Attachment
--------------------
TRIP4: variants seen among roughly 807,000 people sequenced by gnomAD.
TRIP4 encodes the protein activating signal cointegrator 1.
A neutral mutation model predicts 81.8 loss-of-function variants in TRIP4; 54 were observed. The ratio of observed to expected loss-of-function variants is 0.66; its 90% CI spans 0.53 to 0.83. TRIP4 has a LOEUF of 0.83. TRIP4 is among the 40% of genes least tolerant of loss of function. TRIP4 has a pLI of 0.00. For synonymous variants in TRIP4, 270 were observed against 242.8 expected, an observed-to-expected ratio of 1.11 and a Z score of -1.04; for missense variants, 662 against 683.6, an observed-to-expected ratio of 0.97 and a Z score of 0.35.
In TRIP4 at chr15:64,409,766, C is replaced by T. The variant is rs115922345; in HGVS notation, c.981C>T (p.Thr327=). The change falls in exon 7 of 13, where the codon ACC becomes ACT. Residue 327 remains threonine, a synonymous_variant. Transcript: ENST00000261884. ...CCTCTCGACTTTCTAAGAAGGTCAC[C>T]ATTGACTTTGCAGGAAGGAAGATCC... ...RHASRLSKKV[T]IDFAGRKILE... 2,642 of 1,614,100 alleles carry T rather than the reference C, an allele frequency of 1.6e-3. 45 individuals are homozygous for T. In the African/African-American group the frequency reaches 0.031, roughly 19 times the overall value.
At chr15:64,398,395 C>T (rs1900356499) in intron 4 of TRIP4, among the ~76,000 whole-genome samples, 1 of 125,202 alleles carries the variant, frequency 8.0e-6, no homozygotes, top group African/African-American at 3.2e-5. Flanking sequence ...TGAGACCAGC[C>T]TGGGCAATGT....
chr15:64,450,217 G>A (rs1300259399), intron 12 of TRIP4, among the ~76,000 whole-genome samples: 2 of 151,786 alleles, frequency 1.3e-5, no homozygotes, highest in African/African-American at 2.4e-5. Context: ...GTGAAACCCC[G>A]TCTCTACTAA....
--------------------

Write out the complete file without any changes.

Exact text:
TRIP4: variants seen among roughly 807,000 people sequenced by gnomAD.
TRIP4 encodes the protein activating signal cointegrator 1.
A neutral mutation model predicts 81.8 loss-of-function variants in TRIP4; 54 were observed. The ratio of observed to expected loss-of-function variants is 0.66; its 90% CI spans 0.53 to 0.83. TRIP4 has a LOEUF of 0.83. TRIP4 is among the 40% of genes least tolerant of loss of function. TRIP4 has a pLI of 0.00. For synonymous variants in TRIP4, 270 were observed against 242.8 expected, an observed-to-expected ratio of 1.11 and a Z score of -1.04; for missense variants, 662 against 683.6, an observed-to-expected ratio of 0.97 and a Z score of 0.35.
In TRIP4 at chr15:64,409,766, C is replaced by T. The variant is rs115922345; in HGVS notation, c.981C>T (p.Thr327=). The change falls in exon 7 of 13, where the codon ACC becomes ACT. Residue 327 remains threonine, a synonymous_variant. Transcript: ENST00000261884. ...CCTCTCGACTTTCTAAGAAGGTCAC[C>T]ATTGACTTTGCAGGAAGGAAGATCC... ...RHASRLSKKV[T]IDFAGRKILE... 2,642 of 1,614,100 alleles carry T rather than the reference C, an allele frequency of 1.6e-3. 45 individuals are homozygous for T. In the African/African-American group the frequency reaches 0.031, roughly 19 times the overall value.
At chr15:64,398,395 C>T (rs1900356499) in intron 4 of TRIP4, among the ~76,000 whole-genome samples, 1 of 125,202 alleles carries the variant, frequency 8.0e-6, no homozygotes, top group African/African-American at 3.2e-5. Flanking sequence ...TGAGACCAGC[C>T]TGGGCAATGT....
chr15:64,450,217 G>A (rs1300259399), intron 12 of TRIP4, among the ~76,000 whole-genome samples: 2 of 151,786 alleles, frequency 1.3e-5, no homozygotes, highest in African/African-American at 2.4e-5. Context: ...GTGAAACCCC[G>A]TCTCTACTAA....